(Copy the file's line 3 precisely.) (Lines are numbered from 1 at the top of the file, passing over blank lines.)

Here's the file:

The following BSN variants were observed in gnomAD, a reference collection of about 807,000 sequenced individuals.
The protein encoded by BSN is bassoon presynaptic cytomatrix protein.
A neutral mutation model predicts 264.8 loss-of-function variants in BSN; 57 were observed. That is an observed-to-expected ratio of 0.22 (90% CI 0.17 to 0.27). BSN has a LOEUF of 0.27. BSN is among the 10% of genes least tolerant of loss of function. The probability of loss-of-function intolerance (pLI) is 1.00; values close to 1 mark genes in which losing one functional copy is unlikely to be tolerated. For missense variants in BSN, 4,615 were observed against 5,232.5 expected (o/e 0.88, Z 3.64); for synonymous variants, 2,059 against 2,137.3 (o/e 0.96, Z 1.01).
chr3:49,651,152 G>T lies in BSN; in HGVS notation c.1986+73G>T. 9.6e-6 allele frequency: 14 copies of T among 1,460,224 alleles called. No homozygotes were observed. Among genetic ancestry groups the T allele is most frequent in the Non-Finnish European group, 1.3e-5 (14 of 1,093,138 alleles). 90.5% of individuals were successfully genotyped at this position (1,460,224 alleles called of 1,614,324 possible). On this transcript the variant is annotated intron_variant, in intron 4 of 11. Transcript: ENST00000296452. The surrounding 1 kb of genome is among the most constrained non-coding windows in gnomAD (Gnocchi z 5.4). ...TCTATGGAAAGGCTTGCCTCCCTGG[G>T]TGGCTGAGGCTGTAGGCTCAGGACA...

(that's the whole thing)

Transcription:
A neutral mutation model predicts 264.8 loss-of-function variants in BSN; 57 were observed. That is an observed-to-expected ratio of 0.22 (90% CI 0.17 to 0.27). BSN has a LOEUF of 0.27. BSN is among the 10% of genes least tolerant of loss of function. The probability of loss-of-function intolerance (pLI) is 1.00; values close to 1 mark genes in which losing one functional copy is unlikely to be tolerated. For missense variants in BSN, 4,615 were observed against 5,232.5 expected (o/e 0.88, Z 3.64); for synonymous variants, 2,059 against 2,137.3 (o/e 0.96, Z 1.01).